When you run a blog like this one, set up to pre-screen comments in order to weed out spam, there’s often a double-take. Who knows whether human beings or spam-bots write things like this, but here was a comment waiting for me last night:
‘Today I am not proud of precisely what I do, nevertheless I’m not ashamed either.’
It’s like some spam haiku. Yet after reading it several times I am still unsure whether it’s a sentiment that describes many of the moments of human life or whether it’s just a serving of word salad, calculated to sound just human-like enough to slip past the ‘Comment’ censor.
I delete the comment, even as it makes me think a bit. I am reminded of days when I was ashamed by something I did last night. And so, I could not even live up to the moral standards of a spambot comment. On the days I am ashamed precisely by what I have done, those are the ones I end by going to bed early, in order to put a bumper of time between myself and my low behavior.
As for pride in what we do? I think pride is much overrated. I never did get ‘The Power of Pride’ bumper stickers that appeared after the Iraq War commenced (or maybe it was a post-9-11 shoring up of spirits). The swagger inherent in the sentiment seemed more to be an overcompensation for insecurity and doubt. The supremely self-confident do not need pride, but those uncertain of their status do.
As you may see, the Internet is getting to me.
So, I back off. After a couple decades of playing around on the web, I am coming to the conclusion that I may not get it after all. As this recent post indicates, I idled my Facebook account for the month of March, wanting to step back from the incessant cocktail chatter of status updates. I found myself — you, too? — constantly checking in, multiple times an hour, by computer and iPhone, seeing if someone had ‘liked’ or commented back on my latest update, bon mot, bon quote, bon link. (And so they also liked me, right?) Facebook self-esteem therapy is a lot like opening a box of chocolates. The first one or two are really good. But after the fifth or sixth, you begin to wonder if maybe this was the best way to spend your time today.
Not that some nourishing exchanges and entertaining thoughts/images/connections are not to be found in the Land of Facebookistan. I will be back. Plus, there are those rare moments of supportive communion. A friend underwent open heart surgery last week and his wife’s status updates on his progress — and our comments of support and wry camaraderie — have helped all concerned during this delicate, scary time.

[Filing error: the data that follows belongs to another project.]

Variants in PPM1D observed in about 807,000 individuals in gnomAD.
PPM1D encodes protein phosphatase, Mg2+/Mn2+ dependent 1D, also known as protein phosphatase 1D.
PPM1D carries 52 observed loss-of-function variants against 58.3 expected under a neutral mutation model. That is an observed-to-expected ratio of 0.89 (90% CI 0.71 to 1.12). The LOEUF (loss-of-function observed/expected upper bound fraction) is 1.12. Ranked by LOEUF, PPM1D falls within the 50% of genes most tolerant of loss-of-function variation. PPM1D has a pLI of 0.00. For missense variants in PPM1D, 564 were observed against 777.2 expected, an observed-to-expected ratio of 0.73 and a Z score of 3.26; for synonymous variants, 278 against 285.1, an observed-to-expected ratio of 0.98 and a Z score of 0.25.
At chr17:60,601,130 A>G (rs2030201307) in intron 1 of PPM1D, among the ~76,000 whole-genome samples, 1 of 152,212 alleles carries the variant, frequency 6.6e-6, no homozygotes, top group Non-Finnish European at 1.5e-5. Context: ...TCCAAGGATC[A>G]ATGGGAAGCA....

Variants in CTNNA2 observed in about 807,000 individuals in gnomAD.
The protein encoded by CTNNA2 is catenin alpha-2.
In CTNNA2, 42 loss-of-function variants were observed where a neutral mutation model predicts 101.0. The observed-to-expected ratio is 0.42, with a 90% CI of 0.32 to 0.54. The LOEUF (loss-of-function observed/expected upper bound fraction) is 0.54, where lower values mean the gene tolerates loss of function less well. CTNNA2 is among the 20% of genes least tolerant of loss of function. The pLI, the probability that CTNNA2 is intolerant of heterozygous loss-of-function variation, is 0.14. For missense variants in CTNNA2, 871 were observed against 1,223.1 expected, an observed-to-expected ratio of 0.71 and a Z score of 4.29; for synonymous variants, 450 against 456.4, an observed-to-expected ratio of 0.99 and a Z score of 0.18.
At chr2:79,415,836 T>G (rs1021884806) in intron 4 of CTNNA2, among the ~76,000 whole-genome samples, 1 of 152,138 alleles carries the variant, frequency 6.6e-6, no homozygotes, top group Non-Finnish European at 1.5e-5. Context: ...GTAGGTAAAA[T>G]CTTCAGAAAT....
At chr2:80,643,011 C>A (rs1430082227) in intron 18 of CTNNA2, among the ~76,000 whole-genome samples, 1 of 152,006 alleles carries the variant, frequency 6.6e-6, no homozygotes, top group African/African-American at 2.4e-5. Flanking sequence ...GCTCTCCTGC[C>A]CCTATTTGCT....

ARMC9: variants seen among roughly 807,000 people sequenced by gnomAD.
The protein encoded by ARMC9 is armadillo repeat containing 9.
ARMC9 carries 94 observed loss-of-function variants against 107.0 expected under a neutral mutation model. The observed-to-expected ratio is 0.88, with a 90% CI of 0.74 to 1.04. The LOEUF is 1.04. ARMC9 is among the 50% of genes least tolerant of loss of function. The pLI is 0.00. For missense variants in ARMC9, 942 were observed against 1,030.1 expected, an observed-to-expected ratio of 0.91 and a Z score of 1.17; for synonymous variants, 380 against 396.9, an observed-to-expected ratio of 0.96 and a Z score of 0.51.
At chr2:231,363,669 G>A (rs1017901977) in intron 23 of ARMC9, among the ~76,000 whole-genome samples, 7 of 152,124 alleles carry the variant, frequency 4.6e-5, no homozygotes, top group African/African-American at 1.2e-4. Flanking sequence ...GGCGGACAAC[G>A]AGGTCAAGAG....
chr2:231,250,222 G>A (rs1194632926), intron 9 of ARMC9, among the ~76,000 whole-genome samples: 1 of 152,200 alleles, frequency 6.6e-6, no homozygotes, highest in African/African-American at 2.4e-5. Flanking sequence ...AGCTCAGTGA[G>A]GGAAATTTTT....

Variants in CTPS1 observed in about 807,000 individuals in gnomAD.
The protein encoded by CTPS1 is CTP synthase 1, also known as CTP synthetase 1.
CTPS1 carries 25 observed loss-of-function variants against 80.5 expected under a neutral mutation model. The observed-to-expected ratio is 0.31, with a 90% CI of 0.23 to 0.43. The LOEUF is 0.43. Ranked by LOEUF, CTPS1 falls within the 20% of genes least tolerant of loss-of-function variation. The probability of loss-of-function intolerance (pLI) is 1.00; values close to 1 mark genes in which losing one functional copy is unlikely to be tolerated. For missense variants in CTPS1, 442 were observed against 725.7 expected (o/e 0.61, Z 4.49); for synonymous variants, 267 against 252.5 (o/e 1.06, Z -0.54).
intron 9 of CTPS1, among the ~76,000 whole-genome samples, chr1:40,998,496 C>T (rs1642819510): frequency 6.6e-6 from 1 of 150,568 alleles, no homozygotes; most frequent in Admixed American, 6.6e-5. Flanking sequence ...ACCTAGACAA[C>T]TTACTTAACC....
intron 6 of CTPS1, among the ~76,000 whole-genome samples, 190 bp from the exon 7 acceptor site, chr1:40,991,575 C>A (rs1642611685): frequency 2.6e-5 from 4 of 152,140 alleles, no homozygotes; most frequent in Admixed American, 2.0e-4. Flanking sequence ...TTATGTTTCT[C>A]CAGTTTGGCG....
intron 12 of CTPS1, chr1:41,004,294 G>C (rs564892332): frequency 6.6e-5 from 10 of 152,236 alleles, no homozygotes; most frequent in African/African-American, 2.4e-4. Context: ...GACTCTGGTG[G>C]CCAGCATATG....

But I’ve really needed more time back in my day. I want to start attempting long-form writing again and found that after posting three, four, times daily to Facebook that this was all my Muses had to give that day. ‘We are so out of here…’ And off they’d fly out the back window of my head, having discharged their allotted hour (at most) of serendipity and inspiration for the day.
So, I’ve given up for the moment expending my time on heroin-like hits of attention. Or the latest video distraction. Or the newest outrageous statement by wannabe theocrats named Rick, posted by seven outraged friends, plus my outraged self. Though it’s not like writing rambling blogposts is much better. After all, a year-old blogpost — even a week-old one — has all the lingering impact and significance of a Kleenex tossed into the Grand Canyon. Which is to say, none. Not that you should be tossing your Kleenexes around like that.
But I have this novel laying around in bits, chunks and pieces in the superb Mac novel-crafting program Scrivener (there’s a Windows version, too, now.) So as a fifty-something guy who has one CD to his name still mostly sitting in boxes in the basement, 1,001 dated newspaper articles and blogposts and 99 Youtube videos with a combined hit count several million less than this one of a bunny taking a shower, I decided, hey! You! Yeah, you! The web will break your heart. So, what’s to lose? Go work on your novel.
You have my support, by the way, should you wish to post the ‘bunny in the shower’ YouTube to Facebook.